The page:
Saturday, January 23, 2010

Vancouver police contradict their story of beaten man resisting arrest

The National Post is carrying a story about Yaowei Wu, a 44-year-old man whose face was left swollen and battered after he was arrested by Vancouver police in a case of mistaken identity.

Police were called to a Vancouver house at 2 a.m. by a woman who called 911 and reported that her husband had hit her and that she was concerned for her baby’s safety. But the police were unaware there were two suites in the dwelling and the complaint had come from Mr. Wu’s tenant, who lives in a separate suite.

The police, apparently, administered a severe unprovoked beating to the innocent Mr. Wu, who received bruises to his head, waist and knees and fractured bones around his left eye. I saw him on television last night and one of his eyes was swollen shut and other bruising was visible. The poor fellow was a mess.

The real story here is not that the police beat up someone—that happens frequently enough in Canada and is sometimes actually deserved—but the fact that the Vancouver police lied on Thursday when they claimed Mr. Wu had “resisted by striking out at the police and trying to slam the door, but the officers persisted in the belief that there may be a woman and child inside who could be in danger.” That was an outrageous lie, and yesterday police said in a statement that Mr. Wu did not resist the police officers.

What is it with our politicians, public officials and spokespersons for our public institutions? Whenever they have a public relations issue, their very first inclination seems to be: tell a lie. Its a knee-jerk reaction. When in doubt, lie. Lie first, apologize later, but only if necessary.

There is also a growing tendency for ordinary citizens to lie to police and other authorities without regard to consequences of which generally there are few.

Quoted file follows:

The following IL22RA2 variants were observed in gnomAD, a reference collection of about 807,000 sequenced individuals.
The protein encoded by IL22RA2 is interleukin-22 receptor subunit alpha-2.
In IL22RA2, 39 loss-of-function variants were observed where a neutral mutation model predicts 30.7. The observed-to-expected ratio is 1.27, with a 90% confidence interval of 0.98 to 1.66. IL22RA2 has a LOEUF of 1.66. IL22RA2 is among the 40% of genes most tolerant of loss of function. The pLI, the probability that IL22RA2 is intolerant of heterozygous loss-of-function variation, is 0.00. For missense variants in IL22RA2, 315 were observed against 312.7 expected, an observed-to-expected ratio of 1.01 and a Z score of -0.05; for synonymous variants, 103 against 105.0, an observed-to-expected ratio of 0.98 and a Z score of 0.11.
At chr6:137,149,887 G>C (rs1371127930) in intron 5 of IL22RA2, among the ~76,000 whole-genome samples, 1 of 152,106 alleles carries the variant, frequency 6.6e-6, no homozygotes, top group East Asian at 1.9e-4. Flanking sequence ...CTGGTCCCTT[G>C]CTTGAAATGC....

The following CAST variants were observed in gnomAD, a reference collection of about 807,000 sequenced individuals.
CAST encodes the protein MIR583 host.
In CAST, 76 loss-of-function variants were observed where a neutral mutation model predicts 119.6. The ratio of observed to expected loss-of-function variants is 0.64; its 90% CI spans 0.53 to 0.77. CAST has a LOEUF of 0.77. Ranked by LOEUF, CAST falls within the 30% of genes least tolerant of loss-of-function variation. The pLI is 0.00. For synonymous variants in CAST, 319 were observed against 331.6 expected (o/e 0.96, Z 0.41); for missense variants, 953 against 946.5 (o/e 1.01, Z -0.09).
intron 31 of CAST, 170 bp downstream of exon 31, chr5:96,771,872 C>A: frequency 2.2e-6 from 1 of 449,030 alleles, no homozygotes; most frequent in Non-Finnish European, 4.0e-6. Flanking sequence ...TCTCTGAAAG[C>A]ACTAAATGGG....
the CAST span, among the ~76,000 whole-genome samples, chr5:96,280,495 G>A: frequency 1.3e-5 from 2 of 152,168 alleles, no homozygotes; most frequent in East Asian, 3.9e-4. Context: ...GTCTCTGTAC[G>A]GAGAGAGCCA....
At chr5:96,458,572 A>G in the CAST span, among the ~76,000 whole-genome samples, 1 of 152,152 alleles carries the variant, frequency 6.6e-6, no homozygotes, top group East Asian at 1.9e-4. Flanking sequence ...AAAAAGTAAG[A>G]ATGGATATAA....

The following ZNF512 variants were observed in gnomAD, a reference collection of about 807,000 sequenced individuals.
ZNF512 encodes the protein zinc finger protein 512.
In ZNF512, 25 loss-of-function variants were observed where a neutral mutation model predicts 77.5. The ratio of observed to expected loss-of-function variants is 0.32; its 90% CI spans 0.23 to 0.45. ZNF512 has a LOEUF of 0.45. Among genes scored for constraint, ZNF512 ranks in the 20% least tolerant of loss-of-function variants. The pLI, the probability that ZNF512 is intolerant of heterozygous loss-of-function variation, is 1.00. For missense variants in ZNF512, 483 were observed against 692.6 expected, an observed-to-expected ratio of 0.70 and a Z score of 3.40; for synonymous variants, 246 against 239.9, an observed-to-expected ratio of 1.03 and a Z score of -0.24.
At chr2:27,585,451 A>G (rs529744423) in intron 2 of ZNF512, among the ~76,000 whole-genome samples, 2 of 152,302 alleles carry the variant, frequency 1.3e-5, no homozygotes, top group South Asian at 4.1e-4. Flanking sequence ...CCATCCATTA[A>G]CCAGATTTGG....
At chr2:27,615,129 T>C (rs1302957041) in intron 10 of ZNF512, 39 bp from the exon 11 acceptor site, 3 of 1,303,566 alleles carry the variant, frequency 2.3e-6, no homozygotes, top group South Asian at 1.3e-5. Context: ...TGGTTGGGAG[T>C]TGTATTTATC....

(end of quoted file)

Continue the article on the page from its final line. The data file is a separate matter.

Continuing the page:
There was a time when the majority considered their word to be their bond. Regrettably, this is another old-fashioned tradition that has gone by the wayside.

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© 2009 Russell G. Campbell
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  1. What went through the minds of these police officers that they would administer so severe a beating to this man?

    Did they react instinctively or did they actually think about what they were about to do?

    The thought that one of the officers would instinctively take their clenched fist and drive it into someones face with such force that bones are broken is truly frightening.

    So is the thought that they would think about it first and then deliver the blow(s).

    In either case they failed to gather all of the information necessary before acting.

    They said he was resisting arrest but why would they be arresting him without investigating the situation first?

    Did the man,an immigrant,display fear when he saw the uniformed officers at his door?
    Was that all it took for the police to assume the role of judge and jury,determine that he was guilty and then administer a severe beating as his punishment?

    Should I be afraid if a police officer shows up at my door too?
    This looks very bad not only for the Vancouver Police but for police everywhere.

  2. Should I be afraid if a police officer shows up at my door too?

    You should be afraid of your wife, actually. Because all she has to do is call and claim that you hit her (or even threatened her) and the police will come and remove you from your home. If you refuse, they *will* arrest you...and that's probably when you'll receive the beating.

    That's it. No proof, no evidence, no explanation required. You are automatically guilty, and there is absolutely nothing you can do about it.